Tom Wilson
June 19, 2006
Pulled from the same assembly line as blowers destined for production Saleens, aftermarket Saleen blowers get all the decoration and content found on S281 SCs. Here the blower's bottom mounting is evident; the two hose nipples above the supercharger are water outlet/inlets for the charge cooler.

Curing Blower Envy
Have an '05 or '06 Mustang GT and want the Saleen supercharger? No problem: Saleen is offering not only the S281 supercharging system as an aftermarket part, it's relaunching the entire aftermarket-parts program in a very serious way.

Saleen's commitment to parts sales is so great, says Manny Margaretis, director of operations for aftermarket, they're busy dusting off every possible Saleen part going all the way back to the Fox heyday. Yes, that means vintage Saleen parts will be available once again. That's perfect for the Saleen restorer or Mustang restomod fan. It's all part of a plan to position Saleen as a premium lifestyle brand, says Margaretis. Saleen parts sales will fully support every Saleen vehicle, plus those people who want to personalize their cars with Saleen equipment. So, from vintage body kits to the latest Extreme powertrain, we'll all have access to Saleen parts. This effort includes all sorts of apparel and accessory items, so Saleen fans should keep an eye on the company. The quickest way to do that is on the Web site, www.saleen.com, or in Mustang Monthly.

As for the supercharger, it's Saleen's Series VI blower. It uses a 2.3L Lysholm-screw rotor pack and retails for $5,699. That includes everything; the supercharger/charge-cooling/manifold assembly as described in the main story, plus the charge cooler's radiator, electric water pump, reservoir tank, pulleys, and serpentine belt. The stock throttle body and injectors are used, so they are not included.

Built as a show piece, this assembly is how a customer receives a supercharger and manifold, minus the throttle body since the stock throttle body is reused.
Saleen builds its superchargers in a specialized room off the main assembly line. Obviously, blown Saleens are popular: We saw them stacked up like this throughout the shop.

Because the major pieces are already assembled, installation is a nut-and-bolt affair. Besides R&R to the the intake manifold, the alternator is remounted, and some of the drive pulleys and tensioners are relocated. Saleen says it takes two of their assembly-line techs four hours to install the blower, but they're working on a clean car under ideal conditions. Although senior enthusiasts can likely fit the Saleen blower package in one rather long day at home with some help from a buddy, a more realistic assessment rates it a weekend project.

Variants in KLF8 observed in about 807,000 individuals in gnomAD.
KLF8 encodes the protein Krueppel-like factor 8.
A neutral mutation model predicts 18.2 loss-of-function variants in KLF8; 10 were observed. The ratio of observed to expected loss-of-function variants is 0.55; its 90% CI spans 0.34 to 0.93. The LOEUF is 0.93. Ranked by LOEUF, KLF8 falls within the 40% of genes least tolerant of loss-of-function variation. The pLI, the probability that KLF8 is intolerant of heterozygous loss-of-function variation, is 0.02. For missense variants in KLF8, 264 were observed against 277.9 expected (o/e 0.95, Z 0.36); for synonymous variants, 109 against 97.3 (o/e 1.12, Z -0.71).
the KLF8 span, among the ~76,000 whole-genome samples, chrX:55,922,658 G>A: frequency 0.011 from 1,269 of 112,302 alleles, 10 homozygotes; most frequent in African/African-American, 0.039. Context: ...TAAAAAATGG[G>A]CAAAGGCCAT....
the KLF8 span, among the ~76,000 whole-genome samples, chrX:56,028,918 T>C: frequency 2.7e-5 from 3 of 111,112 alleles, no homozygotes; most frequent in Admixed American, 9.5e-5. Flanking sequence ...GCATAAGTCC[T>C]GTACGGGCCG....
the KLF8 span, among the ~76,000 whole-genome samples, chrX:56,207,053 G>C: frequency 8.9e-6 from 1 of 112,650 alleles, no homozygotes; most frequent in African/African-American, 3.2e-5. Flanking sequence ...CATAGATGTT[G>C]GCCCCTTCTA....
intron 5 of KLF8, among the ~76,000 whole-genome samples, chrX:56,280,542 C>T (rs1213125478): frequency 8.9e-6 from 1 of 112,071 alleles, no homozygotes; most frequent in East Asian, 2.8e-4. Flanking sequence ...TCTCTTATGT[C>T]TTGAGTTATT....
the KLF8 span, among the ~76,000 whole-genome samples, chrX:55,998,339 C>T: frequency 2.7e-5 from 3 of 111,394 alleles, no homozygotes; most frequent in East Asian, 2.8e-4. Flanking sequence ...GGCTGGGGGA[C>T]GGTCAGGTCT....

After installation, Saleen says you should have a good time with the four pounds of boost and 435 hp using its conservative engine-management program. Like all such superchargers, the Saleen blower makes an extremely soft coffee-grinder gear noise all the time. This is a subdued sound and will not bother anyone unless they believe that old saw about roots and Lysholm superchargers being silent: nearly so, but not quite. When making boost, the noise out the intake is a siren-like scream, but you won't hear this because it's muffled by the Saleen intake casting and stock air filter. Take the air filter off and you can make like a fire truck at full throttle.

When the S281 Extreme supercharger becomes available, you'll be able to buy any part of the Extreme through the parts department, including the entire engine, and it will come with larger fuel injectors, a different drive pulley, and a higher price tag to cover the injectors.

What Does She Weigh?
Increasing weight is an industry-wide concern today, so we took our Saleen convertible across the scales. The numbers below are for the car shown with a full tank of gas and no driver.

2006 Saleen S281 Weight
WeightPercentage
Front Axle2,020 lbs53%
Rear Axle1,820 lbs47%
Total3,840 lbs

Wow, even with a 180-pound driver, these cars are 4,000-plus pounds. With many of us packing 200 pounds or more, plus a lightweight passenger, the total weight easily reaches SUV territory. Combine a 240-pound driver with a 130-pound passenger and a full fuel tank, and the car totals 4,210 pounds. Of course, much of this weight is fun stuff such as the supercharger, intercooler, and those tall wheels, but that weight is accelerated and cornered nonetheless. To put it in perspective, this is approximately 700 pounds more than an old Fox Mustang. Credit the new car's stiffer chassis, longer wheelbase, air bags, better bumpers, more complex engine, and other improvements for the increase.